PADT Appears to Offer No Mortality Benefit to Prostate Cancer Patients

Primary androgen-deprivation therapy appears not to be an effective treatment for men with clinically localized prostate cancer.

Primary androgen-deprivation therapy appears not to be an effective treatment for men with clinically localized prostate cancer.

Primary androgen-deprivation therapy (PADT), which is commonly used to treat clinically localized prostate cancer (PCa), offers no apparent mortality benefit compared with receiving no therapy at all, according to the results of a recent study.

The study, published online in the Journal of Clinical Oncology on March 17, 2014, examined data from a comprehensive cancer registry to assess the association of PADT with mortality in a cohort of 15,170 men diagnosed with clinically localized PCa between 1995 and 2008 who were not treated with curative intent therapy and who received follow-up through 2010. With more than 200,000 men diagnosed with PCa annually, the study authors note the importance of determining the long-term effect of PADT.

“In 2010, the US Food and Drug Administration notified manufacturers of ADT-injectable agents to add new warnings to their products regarding the potential risks of coronary heart disease and diabetes,” the study authors write. “Given the aging American population, it is imperative to determine whether these risks outweigh any mortality benefit from PADT.”

A recent study reported that 1 in 8 men aged 65 and older receives PADT for treatment of PCa, which is out-of-step with recommended guidelines and costs Medicare approximately $42 million per year. Additional long-term adverse events associated with PADT include impaired cognitive function, loss of muscle strength, anemia, and bone loss or fractures.

“Because men are more accepting of PADT than surgical castration, there has been remarkably widespread adoption of PADT, despite a lack of evidence for improved prostate cancer survival or overall survival,” writes Joel B. Nelson, MD, in an article accompanying the study. “This practice is even more astounding given the long-term consequences of ADT, best summarized as accelerating the aging process.”

Of the 15,170 men included in the study, 3435 received PADT within the first year. Among patients who received PADT, 58% were considered high-risk, compared with 18% in the no-PADT group.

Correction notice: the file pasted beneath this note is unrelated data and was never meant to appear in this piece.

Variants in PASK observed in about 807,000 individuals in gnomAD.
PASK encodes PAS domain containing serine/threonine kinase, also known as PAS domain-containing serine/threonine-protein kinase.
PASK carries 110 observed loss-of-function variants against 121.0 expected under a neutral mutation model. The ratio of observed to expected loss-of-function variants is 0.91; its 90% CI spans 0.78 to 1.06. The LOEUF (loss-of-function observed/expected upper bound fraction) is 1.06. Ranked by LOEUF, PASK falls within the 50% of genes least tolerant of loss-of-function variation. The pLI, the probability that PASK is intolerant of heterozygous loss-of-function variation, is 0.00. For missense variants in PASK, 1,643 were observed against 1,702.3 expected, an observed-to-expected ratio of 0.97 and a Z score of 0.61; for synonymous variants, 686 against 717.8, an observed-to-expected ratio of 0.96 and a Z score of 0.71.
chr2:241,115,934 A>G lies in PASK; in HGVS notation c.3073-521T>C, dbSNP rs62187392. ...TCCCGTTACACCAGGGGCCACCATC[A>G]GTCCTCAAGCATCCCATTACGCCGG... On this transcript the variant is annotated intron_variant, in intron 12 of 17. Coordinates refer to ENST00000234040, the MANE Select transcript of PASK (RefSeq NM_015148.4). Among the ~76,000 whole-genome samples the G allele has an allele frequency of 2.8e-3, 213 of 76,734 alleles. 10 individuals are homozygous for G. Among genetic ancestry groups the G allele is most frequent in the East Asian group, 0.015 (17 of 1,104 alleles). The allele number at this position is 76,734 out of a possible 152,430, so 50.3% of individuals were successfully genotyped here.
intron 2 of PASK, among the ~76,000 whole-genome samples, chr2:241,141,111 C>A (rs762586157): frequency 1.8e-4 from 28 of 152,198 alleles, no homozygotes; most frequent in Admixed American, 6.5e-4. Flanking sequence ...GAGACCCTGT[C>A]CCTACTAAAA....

There were 4921 deaths in the cohort during follow-up, with 1049 (32%) of the deaths attributed to PCa. Men receiving PADT were nearly twice as likely to die as were those in the non-PADT group (hazard ratio of 1.96) and nearly 3 times as likely to die from PCa (hazard ratio of 2.91). After adjusting for sociodemographic and clinical characteristics, the researchers found that use of PADT was not associated with a reduction in death from any cause (hazard ratio of 1.04) or a reduction in death from PCa (hazard ratio of 1.03).

The researchers did find a statistically significant overall mortality benefit from the use of PADT in a subgroup of patients with high risk PCa, but the benefit was small and the results should not be taken as definitive, according to the study authors.

“In summary, we found that most men diagnosed with clinically localized PCa who do not receive curative-intent therapy receive no apparent mortality benefit from PADT compared with receiving no therapy,” the authors write.

In his accompanying article, Dr. Nelson notes that other studies have indicated that early PADT for low-risk, clinically localized prostate cancer does not delay the use of second-line therapies and that PADT appears to increase the use of chemotherapy for castration-resistant prostate cancer.

“PADT is not curative,” Dr. Nelson writes. “ADT should be reserved for its established role: as palliation for metastatic prostate cancer, in men with node-positive prostate cancer after radical prostatectomy, or in combination with radiation therapy in intermediate or high-risk prostate cancer.”